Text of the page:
Commentary for Sukkot

8 Oct

Exodus 15:2, sung by the Israelites as part of the Song of the Sea, reads “This is my God, and I shall glorify Him.” This seems like a pretty straightforward verse, but in reality, it brings up some very interesting questions. One of these questions is asked by Rabbi Ishmael: “Is it possible for a being of flesh and blood to add glory to its Creator?” Rabbi Ishmael then answers his own question: “It simply means I shall be beautiful before him in observing the commandments. I shall prepare before him a beautiful lulav, a beautiful sukkah, beautiful tzitizt, beautiful tefillin (Shabbat 133b).” From Rabbi Ishmael’s statement, we derive the concept of hiddur mitzvah (beautifying a mitzvah). You could make Kiddush in a paper cup if you wanted, and you would still fulfill the mitzvah (provided that the cup is large enough to hold the minimum about of wine or grape juice required), but having a special, fancier cup that is only used for Kiddush makes the mitzvah more beautiful.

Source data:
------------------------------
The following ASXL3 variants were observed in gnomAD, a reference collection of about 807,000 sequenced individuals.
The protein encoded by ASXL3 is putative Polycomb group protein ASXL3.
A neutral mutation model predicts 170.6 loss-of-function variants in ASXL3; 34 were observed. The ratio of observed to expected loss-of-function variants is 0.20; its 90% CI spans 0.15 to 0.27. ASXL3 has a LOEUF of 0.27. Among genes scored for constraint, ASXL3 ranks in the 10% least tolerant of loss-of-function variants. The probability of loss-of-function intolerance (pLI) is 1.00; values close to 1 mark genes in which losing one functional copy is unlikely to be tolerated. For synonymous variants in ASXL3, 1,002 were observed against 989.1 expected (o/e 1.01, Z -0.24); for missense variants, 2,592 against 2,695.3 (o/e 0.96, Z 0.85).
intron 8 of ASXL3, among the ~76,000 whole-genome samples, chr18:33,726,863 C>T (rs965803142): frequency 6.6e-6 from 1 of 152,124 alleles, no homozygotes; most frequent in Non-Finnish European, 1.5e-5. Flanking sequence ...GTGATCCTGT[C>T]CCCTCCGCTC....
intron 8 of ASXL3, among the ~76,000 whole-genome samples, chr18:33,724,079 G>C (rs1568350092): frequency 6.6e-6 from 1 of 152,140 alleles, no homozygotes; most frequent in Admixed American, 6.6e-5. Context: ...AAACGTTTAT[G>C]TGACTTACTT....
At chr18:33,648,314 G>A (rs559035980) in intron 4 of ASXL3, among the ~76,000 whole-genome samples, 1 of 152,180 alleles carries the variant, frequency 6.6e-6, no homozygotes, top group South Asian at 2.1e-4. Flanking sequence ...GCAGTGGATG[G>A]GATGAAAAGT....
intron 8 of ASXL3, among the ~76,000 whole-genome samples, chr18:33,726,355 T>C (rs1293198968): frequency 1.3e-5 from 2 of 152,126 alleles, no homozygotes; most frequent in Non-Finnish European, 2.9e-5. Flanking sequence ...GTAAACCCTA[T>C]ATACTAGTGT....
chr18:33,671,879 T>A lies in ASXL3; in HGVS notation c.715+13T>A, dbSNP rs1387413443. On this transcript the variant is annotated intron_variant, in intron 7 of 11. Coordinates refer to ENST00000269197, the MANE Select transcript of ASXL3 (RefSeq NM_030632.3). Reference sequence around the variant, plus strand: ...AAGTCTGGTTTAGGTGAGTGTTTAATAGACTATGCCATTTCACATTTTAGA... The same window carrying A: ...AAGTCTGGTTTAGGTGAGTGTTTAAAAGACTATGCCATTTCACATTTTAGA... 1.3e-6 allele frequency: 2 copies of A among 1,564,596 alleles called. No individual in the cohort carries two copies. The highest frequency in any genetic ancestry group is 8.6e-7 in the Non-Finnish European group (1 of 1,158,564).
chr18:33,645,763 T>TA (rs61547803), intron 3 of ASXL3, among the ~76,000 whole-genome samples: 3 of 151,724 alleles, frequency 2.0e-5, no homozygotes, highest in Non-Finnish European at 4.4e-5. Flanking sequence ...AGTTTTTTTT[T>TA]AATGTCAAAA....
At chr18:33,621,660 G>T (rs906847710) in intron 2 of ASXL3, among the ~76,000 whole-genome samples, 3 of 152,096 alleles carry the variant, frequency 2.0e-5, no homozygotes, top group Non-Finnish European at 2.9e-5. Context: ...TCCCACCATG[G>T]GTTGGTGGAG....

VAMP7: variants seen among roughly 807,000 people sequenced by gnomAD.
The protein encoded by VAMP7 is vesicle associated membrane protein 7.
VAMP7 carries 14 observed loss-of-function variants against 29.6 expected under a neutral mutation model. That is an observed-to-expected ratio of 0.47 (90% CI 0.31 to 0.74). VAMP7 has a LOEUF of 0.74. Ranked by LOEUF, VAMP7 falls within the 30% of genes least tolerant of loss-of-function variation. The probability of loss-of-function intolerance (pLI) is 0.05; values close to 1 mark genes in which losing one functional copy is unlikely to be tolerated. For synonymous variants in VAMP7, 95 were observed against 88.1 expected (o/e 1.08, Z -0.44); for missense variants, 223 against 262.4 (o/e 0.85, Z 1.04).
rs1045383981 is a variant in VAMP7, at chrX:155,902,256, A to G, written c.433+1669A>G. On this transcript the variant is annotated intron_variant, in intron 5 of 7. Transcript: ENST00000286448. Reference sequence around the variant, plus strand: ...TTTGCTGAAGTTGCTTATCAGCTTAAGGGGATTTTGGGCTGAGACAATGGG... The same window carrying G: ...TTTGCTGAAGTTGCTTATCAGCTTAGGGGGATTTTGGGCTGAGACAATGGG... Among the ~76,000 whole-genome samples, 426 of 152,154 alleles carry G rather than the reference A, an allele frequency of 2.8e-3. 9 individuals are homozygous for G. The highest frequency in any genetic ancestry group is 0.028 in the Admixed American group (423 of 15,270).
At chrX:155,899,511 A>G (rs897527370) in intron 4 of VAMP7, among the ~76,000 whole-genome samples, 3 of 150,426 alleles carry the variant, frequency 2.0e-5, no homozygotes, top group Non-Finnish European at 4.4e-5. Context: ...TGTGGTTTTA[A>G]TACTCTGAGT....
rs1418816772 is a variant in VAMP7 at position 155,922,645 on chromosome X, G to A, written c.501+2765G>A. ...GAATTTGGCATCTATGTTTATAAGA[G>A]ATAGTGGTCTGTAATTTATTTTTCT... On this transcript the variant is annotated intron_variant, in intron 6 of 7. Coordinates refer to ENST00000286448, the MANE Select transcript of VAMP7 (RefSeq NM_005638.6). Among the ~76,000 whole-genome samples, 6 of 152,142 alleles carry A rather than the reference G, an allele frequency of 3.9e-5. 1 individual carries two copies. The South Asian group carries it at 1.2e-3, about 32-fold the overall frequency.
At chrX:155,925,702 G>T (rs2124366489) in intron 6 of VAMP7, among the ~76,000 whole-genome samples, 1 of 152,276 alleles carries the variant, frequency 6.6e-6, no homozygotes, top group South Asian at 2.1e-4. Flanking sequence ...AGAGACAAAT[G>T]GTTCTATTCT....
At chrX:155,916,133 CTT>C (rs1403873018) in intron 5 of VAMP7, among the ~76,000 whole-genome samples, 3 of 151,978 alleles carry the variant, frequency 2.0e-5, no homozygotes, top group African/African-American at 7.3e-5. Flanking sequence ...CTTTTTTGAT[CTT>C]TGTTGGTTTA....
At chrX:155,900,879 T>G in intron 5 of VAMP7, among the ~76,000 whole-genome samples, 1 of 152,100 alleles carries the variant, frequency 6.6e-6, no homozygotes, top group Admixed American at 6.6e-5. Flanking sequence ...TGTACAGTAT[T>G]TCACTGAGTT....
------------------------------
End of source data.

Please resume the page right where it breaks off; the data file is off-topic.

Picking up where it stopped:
One of the ways that we perform hiddur mitzvah on Sukkot is by decorating our sukkah to make it more beautiful. These decorations can be anything from flowers to paper chains to plastic fruit to pictures of famous biblical scenes. The Lubavtich Chassidic sect takes a different approach to the idea of decorating the sukkah: “Our guest are our decorations.”

Sukkot is a holiday about community. It is one of the three pilgrimage holidays (along with Passover and Shavuot). When the Holy Temple still stood, Israelites would come from all across the land and gather together in Jerusalem to make offerings to God. Just as the Israelites gathered together back then, so too do we gather together in our sukkot today, enjoying hot food and warm company to help the walls of the sukkah keep out the cold.

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